You mentioned that you were brought up with religion quite close to you in your childhood. Is there a spiritual place that you go to for guidance still?
I get my spiritual needs met in nature and the beach is the ultimate place for me, nothing compares to the beach. I’ve had to adapt to New York though, so whenever I go to a forest or a lake, I feel it. The cute human bodies are so attracted to bodies of water that we cannot feel bad for too long when we’re next to them. Nature has a beautiful way of grounding me and making me feel little, in a very beautiful way. It reminds me that my problems are not as big as I’m making them. All of what I carry, I don’t need to carry it anymore. When I’m in nature, I’m able to connect to a higher self. That’s my main thing. Reading books really ground me as well. I just read the book “Think Like a Monk” by Jay Shetty, which is incredible. It’s helped me get in touch with my inner self, learn about forgiveness and taught me how to treat others. Everything that we do inwards is really so that we can treat others better. Reading spiritual books helps me out.
Where do you find beauty?
Beauty is the energy that you put out into the world. I feel like a lot of beautiful people can be boring because they’re not interested in finding out what is underneath all of that. I think that the most profound beauty is that of someone that can make you feel special when you’re talking to them, you know, they make you feel like you are interesting; “I have things to say, I’m worth being listened to ‘. If you can make somebody feel this when they’re with you, I think that makes you beautiful. They will remember you. It doesn’t matter what you look like, if you can do that, that’s power.
You’re between your first solo show abroad in London earlier this year and have an upcoming solo show in Los Angeles just a few days after this comes out. Can you tell me a few things about these two shows and what they mean to you?
The London show is called “Distraida” (Distracted) and I made that body of work when I had just gotten back from a month-long residency in Spain, where I read a lot of spiritual books. I was with my mom, which enabled me to process a lot of things, and I was also able to meditate a lot, so I felt very grounded and present while I was there. When I came back to New York, I felt like I lost a lot of that presence, it was leaving me fast. I felt really sad coming back here because I worked so hard to be in a state of mind where nothing fazed me. All of a sudden, I was back in the city, where people are upset and acting crazy. It started to create a lot of noise in my head. Jumping back on social media didn’t help either, so my distracted mind made pieces that reflect that in a way. You can feel like there’s sort of stress, or uneasiness about those pieces
My work is all about processing whatever I’m going through, so when I started working on the LA show at Nicodim, I was able to process that distracted feeling from the Guts show in London. I went to look within. Let’s appreciate what I have in front of me. So I started blending this into my spaces, seeing how I could meditate in my home and how I can be okay in there – not always focusing on the things I am missing or wishing I could go back.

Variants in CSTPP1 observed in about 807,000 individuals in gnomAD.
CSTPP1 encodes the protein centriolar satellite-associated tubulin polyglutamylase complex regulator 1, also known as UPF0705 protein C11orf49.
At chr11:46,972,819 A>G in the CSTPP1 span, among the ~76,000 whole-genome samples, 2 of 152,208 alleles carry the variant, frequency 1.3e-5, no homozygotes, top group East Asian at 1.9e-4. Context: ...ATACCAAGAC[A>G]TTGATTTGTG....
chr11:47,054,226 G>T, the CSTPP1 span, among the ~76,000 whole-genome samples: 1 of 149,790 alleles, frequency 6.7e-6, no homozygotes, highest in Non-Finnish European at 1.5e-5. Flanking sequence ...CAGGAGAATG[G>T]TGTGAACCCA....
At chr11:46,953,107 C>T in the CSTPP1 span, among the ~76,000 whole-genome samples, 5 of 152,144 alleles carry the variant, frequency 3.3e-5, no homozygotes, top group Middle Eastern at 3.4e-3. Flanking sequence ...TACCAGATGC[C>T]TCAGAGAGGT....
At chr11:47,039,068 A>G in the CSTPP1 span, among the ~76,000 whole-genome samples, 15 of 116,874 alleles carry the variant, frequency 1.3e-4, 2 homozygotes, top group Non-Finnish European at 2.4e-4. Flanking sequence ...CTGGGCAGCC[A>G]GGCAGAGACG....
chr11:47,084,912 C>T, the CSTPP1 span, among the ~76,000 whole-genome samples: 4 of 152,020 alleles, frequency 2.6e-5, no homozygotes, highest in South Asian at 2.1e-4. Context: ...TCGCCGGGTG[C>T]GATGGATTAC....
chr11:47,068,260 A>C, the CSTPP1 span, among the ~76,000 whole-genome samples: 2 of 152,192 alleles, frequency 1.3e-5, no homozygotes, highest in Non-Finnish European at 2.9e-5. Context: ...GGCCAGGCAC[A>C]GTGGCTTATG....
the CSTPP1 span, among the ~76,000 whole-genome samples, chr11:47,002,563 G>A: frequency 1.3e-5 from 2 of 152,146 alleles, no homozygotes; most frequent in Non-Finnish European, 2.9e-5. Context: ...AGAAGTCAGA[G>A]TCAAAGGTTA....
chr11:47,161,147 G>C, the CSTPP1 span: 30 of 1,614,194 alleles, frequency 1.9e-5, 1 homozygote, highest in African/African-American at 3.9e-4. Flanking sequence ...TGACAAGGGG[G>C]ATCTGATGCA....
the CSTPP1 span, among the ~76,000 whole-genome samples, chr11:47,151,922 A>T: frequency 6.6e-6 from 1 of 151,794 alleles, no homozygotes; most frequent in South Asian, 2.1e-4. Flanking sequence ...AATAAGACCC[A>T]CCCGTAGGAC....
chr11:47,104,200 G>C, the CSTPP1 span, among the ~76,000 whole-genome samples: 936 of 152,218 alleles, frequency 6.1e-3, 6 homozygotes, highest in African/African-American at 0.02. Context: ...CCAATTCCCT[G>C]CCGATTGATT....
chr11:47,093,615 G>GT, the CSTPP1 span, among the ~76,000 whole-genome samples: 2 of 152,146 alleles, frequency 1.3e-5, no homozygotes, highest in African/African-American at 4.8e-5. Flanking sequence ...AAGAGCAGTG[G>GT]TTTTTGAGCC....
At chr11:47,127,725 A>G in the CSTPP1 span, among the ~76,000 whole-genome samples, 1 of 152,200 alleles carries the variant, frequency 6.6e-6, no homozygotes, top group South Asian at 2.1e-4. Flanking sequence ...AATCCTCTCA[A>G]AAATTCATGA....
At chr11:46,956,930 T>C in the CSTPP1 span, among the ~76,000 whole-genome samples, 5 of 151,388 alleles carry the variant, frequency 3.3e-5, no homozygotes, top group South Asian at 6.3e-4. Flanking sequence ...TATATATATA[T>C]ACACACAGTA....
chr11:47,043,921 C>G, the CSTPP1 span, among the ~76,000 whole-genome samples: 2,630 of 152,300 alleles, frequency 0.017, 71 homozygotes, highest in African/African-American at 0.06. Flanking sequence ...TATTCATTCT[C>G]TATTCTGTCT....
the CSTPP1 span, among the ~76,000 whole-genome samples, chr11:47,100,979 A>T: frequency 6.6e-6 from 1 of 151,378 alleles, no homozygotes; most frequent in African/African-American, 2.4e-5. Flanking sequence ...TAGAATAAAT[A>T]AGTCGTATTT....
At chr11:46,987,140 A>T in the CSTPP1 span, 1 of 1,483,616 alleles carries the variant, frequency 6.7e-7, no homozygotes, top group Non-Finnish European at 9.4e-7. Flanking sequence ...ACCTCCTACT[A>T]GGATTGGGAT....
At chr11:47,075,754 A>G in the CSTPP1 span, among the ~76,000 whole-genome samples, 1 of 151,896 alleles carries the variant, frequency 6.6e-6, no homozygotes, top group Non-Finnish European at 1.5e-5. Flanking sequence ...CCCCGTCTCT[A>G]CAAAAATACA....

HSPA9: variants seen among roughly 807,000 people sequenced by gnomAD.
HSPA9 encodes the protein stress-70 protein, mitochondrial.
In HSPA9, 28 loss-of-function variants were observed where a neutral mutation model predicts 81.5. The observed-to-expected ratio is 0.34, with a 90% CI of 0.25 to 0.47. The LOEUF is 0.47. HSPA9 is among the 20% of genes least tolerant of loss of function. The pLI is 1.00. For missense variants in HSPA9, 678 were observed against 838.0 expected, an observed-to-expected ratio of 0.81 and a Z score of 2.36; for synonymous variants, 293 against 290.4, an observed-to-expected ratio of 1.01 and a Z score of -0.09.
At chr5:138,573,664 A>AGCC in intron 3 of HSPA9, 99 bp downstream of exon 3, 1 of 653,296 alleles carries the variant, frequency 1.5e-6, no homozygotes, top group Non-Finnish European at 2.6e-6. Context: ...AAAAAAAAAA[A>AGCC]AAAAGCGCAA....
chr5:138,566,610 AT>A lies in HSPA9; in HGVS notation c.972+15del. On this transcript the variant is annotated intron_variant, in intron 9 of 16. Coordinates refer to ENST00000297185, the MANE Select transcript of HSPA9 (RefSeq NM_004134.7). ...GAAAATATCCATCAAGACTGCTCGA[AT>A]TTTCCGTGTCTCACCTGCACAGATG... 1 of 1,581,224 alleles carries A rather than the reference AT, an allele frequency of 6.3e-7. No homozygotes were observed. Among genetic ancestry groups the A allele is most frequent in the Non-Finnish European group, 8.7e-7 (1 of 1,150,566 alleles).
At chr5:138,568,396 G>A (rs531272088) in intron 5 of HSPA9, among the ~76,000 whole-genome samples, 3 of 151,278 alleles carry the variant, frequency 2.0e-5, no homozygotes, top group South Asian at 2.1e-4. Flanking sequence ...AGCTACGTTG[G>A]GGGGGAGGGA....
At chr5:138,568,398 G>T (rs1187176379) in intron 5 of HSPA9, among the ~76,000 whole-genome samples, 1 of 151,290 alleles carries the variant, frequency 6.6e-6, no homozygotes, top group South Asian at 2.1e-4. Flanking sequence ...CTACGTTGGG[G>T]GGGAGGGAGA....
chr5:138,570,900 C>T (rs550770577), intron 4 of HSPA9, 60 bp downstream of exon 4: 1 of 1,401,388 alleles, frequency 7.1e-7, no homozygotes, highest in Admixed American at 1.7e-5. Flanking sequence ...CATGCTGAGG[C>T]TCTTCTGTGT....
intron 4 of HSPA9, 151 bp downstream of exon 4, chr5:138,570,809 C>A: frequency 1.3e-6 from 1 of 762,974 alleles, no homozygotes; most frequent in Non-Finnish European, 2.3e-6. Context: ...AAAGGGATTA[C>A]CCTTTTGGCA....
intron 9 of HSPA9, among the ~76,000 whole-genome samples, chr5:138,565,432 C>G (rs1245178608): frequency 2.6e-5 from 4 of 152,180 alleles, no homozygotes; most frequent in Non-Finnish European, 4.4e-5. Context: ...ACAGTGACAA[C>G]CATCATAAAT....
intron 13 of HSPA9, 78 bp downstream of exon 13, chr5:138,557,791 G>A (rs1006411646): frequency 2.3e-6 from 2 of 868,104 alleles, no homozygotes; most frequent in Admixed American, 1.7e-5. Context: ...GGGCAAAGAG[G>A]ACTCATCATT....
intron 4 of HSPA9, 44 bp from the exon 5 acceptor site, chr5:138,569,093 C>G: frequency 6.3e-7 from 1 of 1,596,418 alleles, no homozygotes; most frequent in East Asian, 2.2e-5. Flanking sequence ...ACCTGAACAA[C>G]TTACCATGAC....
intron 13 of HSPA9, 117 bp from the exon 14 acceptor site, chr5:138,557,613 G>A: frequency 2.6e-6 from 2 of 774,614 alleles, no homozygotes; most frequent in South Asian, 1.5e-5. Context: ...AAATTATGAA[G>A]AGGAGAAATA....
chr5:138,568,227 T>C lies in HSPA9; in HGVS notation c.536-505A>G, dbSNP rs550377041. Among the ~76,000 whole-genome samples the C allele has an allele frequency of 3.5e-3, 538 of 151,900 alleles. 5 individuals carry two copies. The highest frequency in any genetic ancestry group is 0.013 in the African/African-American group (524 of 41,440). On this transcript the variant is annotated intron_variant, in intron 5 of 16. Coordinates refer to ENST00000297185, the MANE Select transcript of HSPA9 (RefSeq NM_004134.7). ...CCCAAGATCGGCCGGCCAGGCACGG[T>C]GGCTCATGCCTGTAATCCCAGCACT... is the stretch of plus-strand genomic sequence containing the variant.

My show in LA is called “Eso Pasa”, which means both ‘that happens’ and ‘that passes’. To me this means – “hey, chill out, it’s alright. Whatever you went through or are going through is all temporary, you’ll be able to get through it. There’s a lot of self compassion and self forgiveness in the LA show, something we wouldn’t necessarily see in the London show. I’m very happy with the LA pieces. It’s been a while since I’ve been so proud of a body of work. These pieces are meditative. They are very intimate. They are weird as hell, the compositions are random. I took so much risk this time, for instance in not using airbrush… I just took my time with these works and I’m very proud of them.
How lucky to have a second lined up shortly after, giving you an outlet for processing your feelings so quickly! What was it like to have your mom with you during the residency?
I don’t ever want to do residencies on my own. I don’t want to go to sleep alone and I want to enjoy my nights as well, I want to enjoy my time. I can be in the studio for hours alone and I love being by myself, but I want my loved ones next to me, so I decided to bring my mom to this one. We had our fights, but also lots of bonding moments. It was just beautiful – I’m closer with my mom than I’ve ever been in my entire life.
Where do you see yourself going next, what’s the goal that you’re hoping to achieve in the foreseeable future?
What comes to mind in terms of my practice is that I want to create a book that’s not only about my works, but it also has a lot of writing related to my work and my practice. Writings that can help people and give insight to my work, but also offer a glimpse into what it is like to be an artist. This is a career goal for me. On a personal level, to have a bigger home is a goal for me. I live in a small space! I had to reconfigure the layout of my apartment, so that I am now working in the bedroom and my bed is in the living room. For a while, I was painting with an airbrush right next to my bed and it wasn’t sustainable in the long run, so for me, my partner and my dog, I would love to have more space in the future. Maybe even some grass for my dog?